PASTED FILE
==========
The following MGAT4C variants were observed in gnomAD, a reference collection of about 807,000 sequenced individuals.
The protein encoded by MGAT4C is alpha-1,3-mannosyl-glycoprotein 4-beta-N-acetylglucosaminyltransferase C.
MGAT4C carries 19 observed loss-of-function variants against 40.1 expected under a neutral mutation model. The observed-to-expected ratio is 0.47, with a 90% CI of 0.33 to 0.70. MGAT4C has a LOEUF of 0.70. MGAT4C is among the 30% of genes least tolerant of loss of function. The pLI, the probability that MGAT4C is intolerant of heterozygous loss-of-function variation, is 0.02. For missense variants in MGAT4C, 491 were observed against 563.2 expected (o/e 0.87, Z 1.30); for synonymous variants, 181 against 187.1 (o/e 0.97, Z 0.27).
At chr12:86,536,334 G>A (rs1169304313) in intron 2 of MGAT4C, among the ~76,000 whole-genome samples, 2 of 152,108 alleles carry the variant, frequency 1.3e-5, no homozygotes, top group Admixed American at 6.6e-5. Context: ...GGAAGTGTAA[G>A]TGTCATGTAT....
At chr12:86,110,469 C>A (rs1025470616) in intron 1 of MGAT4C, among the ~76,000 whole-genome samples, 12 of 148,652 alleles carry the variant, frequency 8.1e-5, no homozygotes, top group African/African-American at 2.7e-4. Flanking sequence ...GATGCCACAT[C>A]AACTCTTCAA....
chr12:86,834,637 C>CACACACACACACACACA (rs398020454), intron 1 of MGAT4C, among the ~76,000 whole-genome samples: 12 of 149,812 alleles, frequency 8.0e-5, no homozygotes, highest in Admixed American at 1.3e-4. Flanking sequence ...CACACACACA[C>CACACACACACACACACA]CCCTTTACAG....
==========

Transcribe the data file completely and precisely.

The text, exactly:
The following MGAT4C variants were observed in gnomAD, a reference collection of about 807,000 sequenced individuals.
The protein encoded by MGAT4C is alpha-1,3-mannosyl-glycoprotein 4-beta-N-acetylglucosaminyltransferase C.
MGAT4C carries 19 observed loss-of-function variants against 40.1 expected under a neutral mutation model. The observed-to-expected ratio is 0.47, with a 90% CI of 0.33 to 0.70. MGAT4C has a LOEUF of 0.70. MGAT4C is among the 30% of genes least tolerant of loss of function. The pLI, the probability that MGAT4C is intolerant of heterozygous loss-of-function variation, is 0.02. For missense variants in MGAT4C, 491 were observed against 563.2 expected (o/e 0.87, Z 1.30); for synonymous variants, 181 against 187.1 (o/e 0.97, Z 0.27).
At chr12:86,536,334 G>A (rs1169304313) in intron 2 of MGAT4C, among the ~76,000 whole-genome samples, 2 of 152,108 alleles carry the variant, frequency 1.3e-5, no homozygotes, top group Admixed American at 6.6e-5. Context: ...GGAAGTGTAA[G>A]TGTCATGTAT....
At chr12:86,110,469 C>A (rs1025470616) in intron 1 of MGAT4C, among the ~76,000 whole-genome samples, 12 of 148,652 alleles carry the variant, frequency 8.1e-5, no homozygotes, top group African/African-American at 2.7e-4. Flanking sequence ...GATGCCACAT[C>A]AACTCTTCAA....
chr12:86,834,637 C>CACACACACACACACACA (rs398020454), intron 1 of MGAT4C, among the ~76,000 whole-genome samples: 12 of 149,812 alleles, frequency 8.0e-5, no homozygotes, highest in Admixed American at 1.3e-4. Flanking sequence ...CACACACACA[C>CACACACACACACACACA]CCCTTTACAG....